Any attempt to retrieve classical Christian teaching about God must not only retrieve the scriptural foundations of such teaching. It must also retrieve the form that scriptural teaching takes, i.e., the glad tidings of the Lord’s reign (Isa 52:7).
Theology is discourse concerning God: God in his being, attributes, persons, and works; God and all things in relation to God, from whom and through whom and to whom are all things (Rom 11:36). The principal subject matter of Christian theology has a proper name, “Yhwh,” which is the name of the Father and of the Son and of the Holy Spirit (Matt 28:19). The fundamental claim of Christian theology regarding its principal subject matter is “Yhwh reigns.” This fundamental claim at once identifies God as king and describes the nature of his relation to all that is not God. Christian theology in its breadth and length and height and depth is one long commentary on the claim that the Lord reigns, a commentary designed to aid the church’s own varied expressions of this claim in prayer, proclamation, and praise.
Christian theology in the 20th century was not always eager to affirm God’s regal status. In many instances, in fact, Christian theology sought to deconstruct the claim that the Lord reigns. The deconstruction of the “royal metaphor” (what its critics called it) was central to the revision of “classical theism” (a label also invented by critics of traditional Christian teaching concerning God). Critics of this teaching offered a number of reasons for rejecting or redefining the royal metaphor. It was, they claimed, rooted in antiquated pre-modern approaches to biblical interpretation. It contradicted modern scientific understanding of the nature of the universe. It provided warrant for numerous forms of tyranny and oppression. This picture of the God-world relation, its critics argued, had held the church captive far too long. A Christian theology come of age and alert to the requisites of human flourishing needed to abandon the royal metaphor in favor of a more wholesome and humane conception of God. As a result of this critical judgment, the story of 20th century theology was, in large measure, the story of more or less revisionist proposals regarding the doctrine of God.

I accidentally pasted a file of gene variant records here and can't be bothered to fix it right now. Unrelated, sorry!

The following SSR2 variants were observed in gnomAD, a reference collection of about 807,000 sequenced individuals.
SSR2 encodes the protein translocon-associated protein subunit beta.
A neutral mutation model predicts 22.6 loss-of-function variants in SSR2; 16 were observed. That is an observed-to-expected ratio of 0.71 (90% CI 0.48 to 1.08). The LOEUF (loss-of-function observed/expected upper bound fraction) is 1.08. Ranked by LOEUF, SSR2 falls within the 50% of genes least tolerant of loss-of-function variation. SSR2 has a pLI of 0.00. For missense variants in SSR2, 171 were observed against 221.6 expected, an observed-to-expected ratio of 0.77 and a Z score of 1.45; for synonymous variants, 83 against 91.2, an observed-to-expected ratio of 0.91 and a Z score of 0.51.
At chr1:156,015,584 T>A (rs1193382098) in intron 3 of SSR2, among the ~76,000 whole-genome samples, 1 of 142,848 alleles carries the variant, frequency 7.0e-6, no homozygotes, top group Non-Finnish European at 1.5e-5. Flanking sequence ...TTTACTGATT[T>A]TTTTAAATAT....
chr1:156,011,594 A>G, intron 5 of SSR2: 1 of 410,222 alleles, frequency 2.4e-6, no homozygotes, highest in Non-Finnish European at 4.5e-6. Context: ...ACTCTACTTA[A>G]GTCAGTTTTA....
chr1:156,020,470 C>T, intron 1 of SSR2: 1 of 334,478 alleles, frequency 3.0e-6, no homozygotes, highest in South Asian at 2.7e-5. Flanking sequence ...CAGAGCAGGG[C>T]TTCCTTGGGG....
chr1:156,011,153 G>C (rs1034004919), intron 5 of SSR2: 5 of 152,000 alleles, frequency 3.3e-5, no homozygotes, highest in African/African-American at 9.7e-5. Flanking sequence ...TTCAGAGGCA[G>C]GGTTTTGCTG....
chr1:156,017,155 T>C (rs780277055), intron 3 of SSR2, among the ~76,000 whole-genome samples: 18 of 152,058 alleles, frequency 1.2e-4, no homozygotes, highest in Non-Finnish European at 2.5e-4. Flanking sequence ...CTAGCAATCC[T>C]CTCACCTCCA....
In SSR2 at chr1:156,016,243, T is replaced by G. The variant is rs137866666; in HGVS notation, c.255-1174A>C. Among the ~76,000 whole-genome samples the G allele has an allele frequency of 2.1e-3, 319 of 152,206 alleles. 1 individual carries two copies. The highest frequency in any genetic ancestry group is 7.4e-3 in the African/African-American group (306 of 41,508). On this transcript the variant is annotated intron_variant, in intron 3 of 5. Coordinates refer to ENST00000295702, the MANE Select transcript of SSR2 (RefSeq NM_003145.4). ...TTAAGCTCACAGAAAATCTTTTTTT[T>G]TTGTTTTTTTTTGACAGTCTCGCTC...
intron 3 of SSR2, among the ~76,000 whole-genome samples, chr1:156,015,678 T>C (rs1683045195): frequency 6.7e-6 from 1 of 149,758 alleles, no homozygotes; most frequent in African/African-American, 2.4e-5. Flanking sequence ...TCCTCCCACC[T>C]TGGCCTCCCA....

The purpose of the present article is not to address modern criticisms of traditional Christian teaching, at least not directly. I mention these criticisms only to observe that the critics were right about one thing: traditional Christian teaching about God is tied intrinsically to the royal metaphor, the claim that Yhwh, the triune God, reigns. Accordingly, any attempt to retrieve classical Christian teaching about God must not only retrieve the scriptural foundations of such teaching. It must also retrieve the form that scriptural teaching takes, i.e., the glad tidings of the Lord’s reign (Isa 52:7).
The central theme of Book Four of the Psalms (Psalms 90-106) is the kingship of Yhwh. These psalms are therefore an instructive place to begin in considering the scriptural portrayal of divine kingship. Psalm 93, the first instance of the claim, Yhwh mlk, “the Lord is king/the Lord reigns,” in Psalms 90-106, provides a helpful entryway into this portion of Scripture and this article of Christian teaching.
Psalm 93:1 opens with the announcement, “The Lord is king,” “The Lord reigns.” The psalm expounds the significance of this announcement in three phases. First, Psalm 93:1-2 grounds the enduring stability of the world in the divine king’s eternal being and transcendent power. Second, Psalm 93:3-4 considers creational sources of opposition to the Lord’s kingship–the mighty floods–only to conclude that creaturely opponents to God’s reign pose no ultimate threat. Third, Psalm 93:5 acclaims the enduring stability of God’s “testimonies” and God’s “house,” two central privileges enjoyed by the divine king’s covenant people.
(1) Ps 93:1-2. The first section of Psalm 93 begins with praise of the divine king’s transcendent power, drawing on the imagery of an Ancient Near Eastern king’s royal attire: the Lord “is robed in majesty; the Lord is robed; he has put on strength as his belt” (Ps 93:1). The section concludes with praise of the divine king’s eternal being: “you are from everlasting” (Ps 93:2; cf. Pss 90:2, 4; 102:24-26). According to the middle frame of this section, the divine king’s eternal being and transcendent power are the source of the world’s enduring stability. Because God the eternal, almighty king reigns, “The world is established; it shall never be moved” (Ps 93:1). Moreover, the psalmist expresses further confidence that the world will stand secure in the future because God’s reign stands uncontested since the beginning of creation, when God established his throne in the heavens: “Your throne is established from of old” (Ps 93:2; cf. Pss 103:19; 104:3).